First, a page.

Simione said he and Thompson hired a few general managers to oversee the inn, but none of them worked out. He said Thompson would concede he is tough to work for because he has high expectations for employees that not many people could meet.

Simione said he and Thompson tried to find other loans and investors who could help the inn financially and pay back its creditors. Simione said Thompson had several ideas for raising extra money to keep the inn afloat, such as having actors from the 'Twilight' movie make an appearance.

'This is something a lot of people don't believe, but (Thompson) does want to save the inn,' Simione added.

Simione also said the staff were better paid than he and Thompson.

'Not a penny came to me from the inn,' he said. '(Thompson) took paychecks when he could.'

Contractors have disputes with inn

Several construction companies that did work at the inn are among Thompson's creditors.

Simione said many disputes with contractors arose because Simione and Thompson weren't satisfied with the work, although the construction companies interviewed said Thompson signed off on the work when they were finished. Simione said they offered their creditors gift cards and special deals to help lower the debt.

Simione and Thompson in particular had criticized Dick Wand Construction - a creditor seeking about $10,000 for unpaid work it did at the inn four years ago - and state Rep. Matt Wand, a Gresham attorney representing the company.

Simione contended that Dick Wand Construction did not finish the work it was hired to do and went thousands of dollars over budget.

Dick Wand said he completed the work at the inn, but Thompson and Simione refused to pay, leading him to place a lien.

Simione said Matt Wand placed a high interest rate on the debt, making it difficult for them to pay Dick Wand back. Matt Wand, however, said the interest rate is set by state statute.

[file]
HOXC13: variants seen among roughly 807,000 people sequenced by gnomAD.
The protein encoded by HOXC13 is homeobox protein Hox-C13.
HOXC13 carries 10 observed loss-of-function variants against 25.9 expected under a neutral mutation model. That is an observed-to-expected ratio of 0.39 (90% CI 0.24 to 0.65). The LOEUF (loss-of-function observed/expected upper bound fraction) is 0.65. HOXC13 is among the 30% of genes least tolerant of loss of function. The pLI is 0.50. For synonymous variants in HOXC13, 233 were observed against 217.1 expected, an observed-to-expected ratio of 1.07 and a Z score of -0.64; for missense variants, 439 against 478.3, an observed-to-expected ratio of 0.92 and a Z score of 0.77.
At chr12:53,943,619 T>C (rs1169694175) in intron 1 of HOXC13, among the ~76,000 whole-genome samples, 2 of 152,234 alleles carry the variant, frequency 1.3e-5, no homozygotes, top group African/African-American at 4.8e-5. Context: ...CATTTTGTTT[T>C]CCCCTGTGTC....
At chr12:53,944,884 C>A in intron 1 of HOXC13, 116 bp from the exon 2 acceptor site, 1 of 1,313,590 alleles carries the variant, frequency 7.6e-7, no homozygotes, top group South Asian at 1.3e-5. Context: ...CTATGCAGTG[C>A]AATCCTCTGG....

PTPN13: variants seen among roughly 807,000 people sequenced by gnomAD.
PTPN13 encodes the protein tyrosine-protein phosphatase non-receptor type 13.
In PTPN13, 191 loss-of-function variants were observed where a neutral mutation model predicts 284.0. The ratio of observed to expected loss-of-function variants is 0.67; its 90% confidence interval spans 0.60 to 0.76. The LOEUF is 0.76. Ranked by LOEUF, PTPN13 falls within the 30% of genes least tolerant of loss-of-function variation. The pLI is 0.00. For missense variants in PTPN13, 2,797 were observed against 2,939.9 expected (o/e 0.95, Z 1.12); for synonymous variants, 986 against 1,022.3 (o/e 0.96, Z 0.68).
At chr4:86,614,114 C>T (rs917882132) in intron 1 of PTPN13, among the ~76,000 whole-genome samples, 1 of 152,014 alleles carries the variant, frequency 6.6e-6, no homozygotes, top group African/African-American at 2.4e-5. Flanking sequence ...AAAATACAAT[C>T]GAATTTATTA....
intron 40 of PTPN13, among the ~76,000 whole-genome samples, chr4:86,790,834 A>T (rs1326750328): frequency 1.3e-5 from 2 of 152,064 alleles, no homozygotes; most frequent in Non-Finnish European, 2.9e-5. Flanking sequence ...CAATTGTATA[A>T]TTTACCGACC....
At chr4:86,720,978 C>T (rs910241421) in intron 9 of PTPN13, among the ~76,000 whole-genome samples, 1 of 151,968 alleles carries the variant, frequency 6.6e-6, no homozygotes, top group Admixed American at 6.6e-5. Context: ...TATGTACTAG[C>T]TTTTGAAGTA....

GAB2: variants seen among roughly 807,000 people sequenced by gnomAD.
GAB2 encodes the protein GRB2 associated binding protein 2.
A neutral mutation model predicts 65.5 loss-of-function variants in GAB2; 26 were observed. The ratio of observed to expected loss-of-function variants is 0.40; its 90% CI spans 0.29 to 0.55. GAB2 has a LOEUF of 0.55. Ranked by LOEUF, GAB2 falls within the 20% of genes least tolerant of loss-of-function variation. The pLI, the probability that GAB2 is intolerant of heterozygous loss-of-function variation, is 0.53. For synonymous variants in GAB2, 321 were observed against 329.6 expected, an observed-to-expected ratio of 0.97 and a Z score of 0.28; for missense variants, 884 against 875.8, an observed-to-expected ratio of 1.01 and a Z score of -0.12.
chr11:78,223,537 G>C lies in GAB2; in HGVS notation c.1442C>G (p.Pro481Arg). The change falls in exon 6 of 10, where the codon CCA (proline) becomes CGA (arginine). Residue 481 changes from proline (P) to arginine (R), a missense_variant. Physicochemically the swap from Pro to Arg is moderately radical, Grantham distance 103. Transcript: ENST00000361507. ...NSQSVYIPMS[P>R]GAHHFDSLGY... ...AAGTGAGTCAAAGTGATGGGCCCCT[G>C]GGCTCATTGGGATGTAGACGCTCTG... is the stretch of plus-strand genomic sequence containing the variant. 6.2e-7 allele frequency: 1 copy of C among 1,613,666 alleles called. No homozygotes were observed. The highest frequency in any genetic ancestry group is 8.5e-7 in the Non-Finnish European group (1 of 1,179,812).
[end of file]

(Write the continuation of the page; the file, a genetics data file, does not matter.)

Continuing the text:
Simione said he wasn't sure about the 188 creditors listed in the court documents, but conceded that the inn's financial troubles made it difficult to pay people back at once, leading them to make small payments to each creditor.

Simione also contended that despite their critics, more people have expressed support for them and for the inn.

Unsure of inn's future

Because of the Chapter 7 bankruptcy ruling, a court trustee will determine if the View Point Inn and Thompson's valuable assets can be sold, with the money going to his creditors.

The Oregonian reported July 21 that Multnomah County required Thompson and Simione to make several repairs to the inn as a condition of its business permit. The deadline for those repairs is March 2012; if the repairs are incomplete, the county may not renew the permit.

Simione said all of the repairs had been completed, except for replacement of the cedar roof, which was not repaired because of the high cost, he said.

Simione said July 15 that he planned to buy the inn. Simione co-owned the inn with Thompson until he removed his name from the property title in 2010 while undergoing treatment for cancer. Since he was not part of the Chapter 7 bankruptcy, he said, he was told that he could buy the property himself.

Simione said he's now not sure about buying the inn back, but noted that he and Thompson would make several changes to how the inn is run if he were to buy it.

'We finally got a grip on staff, hours of operation and a much larger push for events because it's seasonal,' he said.

The inn now sits empty with a fire-damaged roof, the interior of the building exposed to the weather and elements. Simione doubts anyone else will step in to buy the inn, noting that no one else was interested in buying it before.

'That's the tragedy, the crime, the victim all rolled into one,' Simione said. 'It's a tragedy more so for the inn than it is for Geoff and I.'